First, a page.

The ALJ in this matter made findings that Petitioner was initially hired by Respondent, Atlas Van Lines in 1995 as a truck driver. In 2004, Petitioner became an owner operator for the same company. Petitioner delivered and carried goods throughout the continental United States as well as Canada. At the time of hearing, Petitioner was licensed in 48 states as well as provinces in Canada. Further, Petitioner was currently living in the State of Colorado and had for the previous twelve years. Petitioner’s truck was located in San Diego, California, and Respondent, Atlas Van Lines was based in Indiana.
On January 10, 2019 Petitioner came to a storage facility in Roy, Utah. Petitioner slipped on a patch of ice in the parking lot, injuring his left knee. Petitioner received all medical treatment in Colorado. The claim was dealt with and proceeded pursuant to the workers’ compensation laws in Colorado. A controversy arose after an Independent Examination was conducted by Dr. Farber, who determined that much of the medical care sought by Petitioner was not related to the industrial incident. Petitioner then filed an application for hearing with the Utah Labor Commission, rather than proceeding with the claim in Colorado. In their answer, Respondents raised the defense that jurisdiction was inappropriate in Utah, and that Petitioner should be required to proceed forward with any controversy in Colorado.
At hearing, Respondents presented evidence that Petitioner received a substantial amount of medical treatment in Colorado. Further, Respondents offered into evidence an acknowledgement letter addressed to Petitioner in Colorado from the third party administrator, a General Admission of Liability form for the Colorado Department of Labor & Employment Division of Workers’ Compensation, a document showing the amounts paid by the Respondent Insurer for Petitioner’s medical care in Colorado, and relevant Colorado statutes.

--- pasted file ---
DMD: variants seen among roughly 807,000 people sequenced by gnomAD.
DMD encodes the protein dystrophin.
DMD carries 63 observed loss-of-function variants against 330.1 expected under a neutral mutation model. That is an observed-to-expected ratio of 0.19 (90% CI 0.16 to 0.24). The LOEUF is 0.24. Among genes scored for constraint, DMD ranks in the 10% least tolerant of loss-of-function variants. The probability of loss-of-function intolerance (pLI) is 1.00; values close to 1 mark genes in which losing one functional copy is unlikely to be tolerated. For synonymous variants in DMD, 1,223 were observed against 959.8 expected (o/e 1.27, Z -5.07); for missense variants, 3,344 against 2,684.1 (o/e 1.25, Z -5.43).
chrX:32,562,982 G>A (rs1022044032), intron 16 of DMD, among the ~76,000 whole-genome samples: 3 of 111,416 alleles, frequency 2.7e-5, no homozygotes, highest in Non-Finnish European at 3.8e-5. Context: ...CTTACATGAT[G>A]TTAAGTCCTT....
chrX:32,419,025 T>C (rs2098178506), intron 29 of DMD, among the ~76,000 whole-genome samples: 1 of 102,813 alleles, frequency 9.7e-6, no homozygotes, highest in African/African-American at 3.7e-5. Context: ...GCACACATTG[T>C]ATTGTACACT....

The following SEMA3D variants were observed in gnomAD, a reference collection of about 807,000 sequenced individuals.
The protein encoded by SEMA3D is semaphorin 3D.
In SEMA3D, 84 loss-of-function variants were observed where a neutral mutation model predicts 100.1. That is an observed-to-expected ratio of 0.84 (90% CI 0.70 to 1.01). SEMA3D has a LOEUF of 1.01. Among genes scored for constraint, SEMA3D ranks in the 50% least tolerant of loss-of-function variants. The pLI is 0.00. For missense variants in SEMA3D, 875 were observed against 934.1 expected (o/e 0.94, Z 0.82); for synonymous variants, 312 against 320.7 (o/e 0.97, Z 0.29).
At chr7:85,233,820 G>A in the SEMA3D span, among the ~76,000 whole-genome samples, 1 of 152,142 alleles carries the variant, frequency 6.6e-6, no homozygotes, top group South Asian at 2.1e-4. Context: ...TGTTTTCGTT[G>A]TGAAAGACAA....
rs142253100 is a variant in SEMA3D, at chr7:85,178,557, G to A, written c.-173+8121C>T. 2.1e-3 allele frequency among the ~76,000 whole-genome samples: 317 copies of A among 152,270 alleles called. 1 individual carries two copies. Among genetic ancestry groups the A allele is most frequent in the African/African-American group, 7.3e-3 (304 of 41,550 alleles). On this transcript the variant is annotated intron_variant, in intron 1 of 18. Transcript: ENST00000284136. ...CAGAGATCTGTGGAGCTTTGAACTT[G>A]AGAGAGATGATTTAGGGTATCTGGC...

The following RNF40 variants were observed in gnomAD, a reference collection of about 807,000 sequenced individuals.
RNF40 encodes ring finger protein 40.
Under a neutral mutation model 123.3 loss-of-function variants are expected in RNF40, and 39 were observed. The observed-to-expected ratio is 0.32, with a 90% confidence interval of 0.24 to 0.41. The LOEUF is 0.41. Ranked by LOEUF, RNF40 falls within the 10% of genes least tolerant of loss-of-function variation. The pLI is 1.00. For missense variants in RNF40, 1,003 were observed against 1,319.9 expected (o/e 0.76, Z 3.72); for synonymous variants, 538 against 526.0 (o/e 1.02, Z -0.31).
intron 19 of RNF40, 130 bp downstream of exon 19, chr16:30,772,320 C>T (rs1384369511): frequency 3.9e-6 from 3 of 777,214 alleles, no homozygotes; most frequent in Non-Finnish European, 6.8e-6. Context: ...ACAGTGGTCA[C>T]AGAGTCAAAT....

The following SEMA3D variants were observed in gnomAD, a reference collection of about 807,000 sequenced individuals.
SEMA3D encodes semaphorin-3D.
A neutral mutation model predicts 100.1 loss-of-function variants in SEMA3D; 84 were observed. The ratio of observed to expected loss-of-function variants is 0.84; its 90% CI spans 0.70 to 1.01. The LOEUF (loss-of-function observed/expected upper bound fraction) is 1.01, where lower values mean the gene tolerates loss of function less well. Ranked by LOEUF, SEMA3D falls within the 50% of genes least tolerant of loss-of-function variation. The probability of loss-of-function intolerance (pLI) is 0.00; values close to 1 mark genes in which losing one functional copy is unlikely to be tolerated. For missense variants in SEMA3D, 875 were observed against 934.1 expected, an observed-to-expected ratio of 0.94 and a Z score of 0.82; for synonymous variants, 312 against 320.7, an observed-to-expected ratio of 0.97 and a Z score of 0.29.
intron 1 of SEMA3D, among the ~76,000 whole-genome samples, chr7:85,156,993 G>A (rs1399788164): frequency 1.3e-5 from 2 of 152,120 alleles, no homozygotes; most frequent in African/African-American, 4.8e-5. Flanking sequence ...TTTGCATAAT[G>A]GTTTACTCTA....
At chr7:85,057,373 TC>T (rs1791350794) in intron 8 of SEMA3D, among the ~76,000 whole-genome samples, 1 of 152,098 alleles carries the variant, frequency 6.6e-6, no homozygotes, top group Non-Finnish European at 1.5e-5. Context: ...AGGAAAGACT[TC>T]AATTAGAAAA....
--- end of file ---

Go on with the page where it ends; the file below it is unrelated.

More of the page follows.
The court ultimately agreed with Respondents and dismissed the claim in Utah. The court first analyzed Utah Code Ann. § 34A-2-406, stating “a nonresident worker injured in Utah may obtain workers’ compensation benefits if he meets the circumstances set forth by the Legislature . . . . However, § 406(1)’s objective is to exempt certain non-residents if all of its conditions are met.” The court determined that because (1) workers’ compensation insurance coverage was furnished under the laws of Colorado; (2) the workers’ compensation insurance coverage covered Petitioner while in Utah; (3) Colorado’s statutory exemption language found in C.R.S. 8-41-212 shows the extraterritorial provision of Utah’s workers’ compensation laws are recognized in Colorado, and employers and employees who are covered in Utah are likewise exempted from the application of the workers’ compensation or similar laws of Colorado; and (4) where the evidence showed Colorado had already accepted Petitioner’s workers’ compensation claim, Petitioner and the Respondent employer were exempt from the Utah Workers’ Compensation Act. As such, the Utah Labor Commission lacked jurisdiction and the case was dismissed.
Michael Shea v. Atlas Van Lines and/or Arch Insurance Co, Case No. 19-0691 (April 20, 2020)